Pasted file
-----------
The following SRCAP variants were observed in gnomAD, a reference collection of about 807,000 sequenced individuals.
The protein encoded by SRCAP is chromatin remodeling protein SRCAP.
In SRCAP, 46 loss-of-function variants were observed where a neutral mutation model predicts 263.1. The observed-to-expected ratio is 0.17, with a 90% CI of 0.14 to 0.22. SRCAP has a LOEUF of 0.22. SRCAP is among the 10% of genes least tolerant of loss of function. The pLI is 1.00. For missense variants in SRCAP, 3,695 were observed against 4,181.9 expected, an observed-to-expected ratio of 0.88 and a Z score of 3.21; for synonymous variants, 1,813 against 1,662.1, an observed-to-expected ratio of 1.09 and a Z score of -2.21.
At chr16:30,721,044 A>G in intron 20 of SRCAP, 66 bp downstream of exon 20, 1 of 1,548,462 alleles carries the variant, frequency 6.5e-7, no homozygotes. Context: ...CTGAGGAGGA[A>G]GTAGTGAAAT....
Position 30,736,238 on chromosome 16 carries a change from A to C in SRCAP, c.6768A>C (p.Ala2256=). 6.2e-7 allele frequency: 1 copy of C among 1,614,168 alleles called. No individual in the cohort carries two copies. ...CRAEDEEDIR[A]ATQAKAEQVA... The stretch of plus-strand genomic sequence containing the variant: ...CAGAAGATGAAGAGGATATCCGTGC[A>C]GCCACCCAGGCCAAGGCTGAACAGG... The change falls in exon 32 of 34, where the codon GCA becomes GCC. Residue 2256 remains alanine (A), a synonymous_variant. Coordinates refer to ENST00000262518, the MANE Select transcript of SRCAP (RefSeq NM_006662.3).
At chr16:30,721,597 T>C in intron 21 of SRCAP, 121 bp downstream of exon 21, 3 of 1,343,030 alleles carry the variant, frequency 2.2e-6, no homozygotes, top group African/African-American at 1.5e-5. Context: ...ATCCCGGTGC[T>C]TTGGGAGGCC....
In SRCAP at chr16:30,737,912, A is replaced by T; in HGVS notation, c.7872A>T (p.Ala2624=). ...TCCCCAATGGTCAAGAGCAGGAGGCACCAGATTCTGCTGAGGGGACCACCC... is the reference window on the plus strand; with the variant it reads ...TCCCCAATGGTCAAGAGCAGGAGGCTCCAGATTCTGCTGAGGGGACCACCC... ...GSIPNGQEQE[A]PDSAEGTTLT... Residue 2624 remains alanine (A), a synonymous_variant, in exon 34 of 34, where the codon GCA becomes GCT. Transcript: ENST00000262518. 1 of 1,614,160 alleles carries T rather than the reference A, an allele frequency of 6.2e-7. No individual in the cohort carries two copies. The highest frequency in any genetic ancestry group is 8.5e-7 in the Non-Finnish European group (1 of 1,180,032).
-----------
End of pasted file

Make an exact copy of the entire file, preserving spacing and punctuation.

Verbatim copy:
The following SRCAP variants were observed in gnomAD, a reference collection of about 807,000 sequenced individuals.
The protein encoded by SRCAP is chromatin remodeling protein SRCAP.
In SRCAP, 46 loss-of-function variants were observed where a neutral mutation model predicts 263.1. The observed-to-expected ratio is 0.17, with a 90% CI of 0.14 to 0.22. SRCAP has a LOEUF of 0.22. SRCAP is among the 10% of genes least tolerant of loss of function. The pLI is 1.00. For missense variants in SRCAP, 3,695 were observed against 4,181.9 expected, an observed-to-expected ratio of 0.88 and a Z score of 3.21; for synonymous variants, 1,813 against 1,662.1, an observed-to-expected ratio of 1.09 and a Z score of -2.21.
At chr16:30,721,044 A>G in intron 20 of SRCAP, 66 bp downstream of exon 20, 1 of 1,548,462 alleles carries the variant, frequency 6.5e-7, no homozygotes. Context: ...CTGAGGAGGA[A>G]GTAGTGAAAT....
Position 30,736,238 on chromosome 16 carries a change from A to C in SRCAP, c.6768A>C (p.Ala2256=). 6.2e-7 allele frequency: 1 copy of C among 1,614,168 alleles called. No individual in the cohort carries two copies. ...CRAEDEEDIR[A]ATQAKAEQVA... The stretch of plus-strand genomic sequence containing the variant: ...CAGAAGATGAAGAGGATATCCGTGC[A>C]GCCACCCAGGCCAAGGCTGAACAGG... The change falls in exon 32 of 34, where the codon GCA becomes GCC. Residue 2256 remains alanine (A), a synonymous_variant. Coordinates refer to ENST00000262518, the MANE Select transcript of SRCAP (RefSeq NM_006662.3).
At chr16:30,721,597 T>C in intron 21 of SRCAP, 121 bp downstream of exon 21, 3 of 1,343,030 alleles carry the variant, frequency 2.2e-6, no homozygotes, top group African/African-American at 1.5e-5. Context: ...ATCCCGGTGC[T>C]TTGGGAGGCC....
In SRCAP at chr16:30,737,912, A is replaced by T; in HGVS notation, c.7872A>T (p.Ala2624=). ...TCCCCAATGGTCAAGAGCAGGAGGCACCAGATTCTGCTGAGGGGACCACCC... is the reference window on the plus strand; with the variant it reads ...TCCCCAATGGTCAAGAGCAGGAGGCTCCAGATTCTGCTGAGGGGACCACCC... ...GSIPNGQEQE[A]PDSAEGTTLT... Residue 2624 remains alanine (A), a synonymous_variant, in exon 34 of 34, where the codon GCA becomes GCT. Transcript: ENST00000262518. 1 of 1,614,160 alleles carries T rather than the reference A, an allele frequency of 6.2e-7. No individual in the cohort carries two copies. The highest frequency in any genetic ancestry group is 8.5e-7 in the Non-Finnish European group (1 of 1,180,032).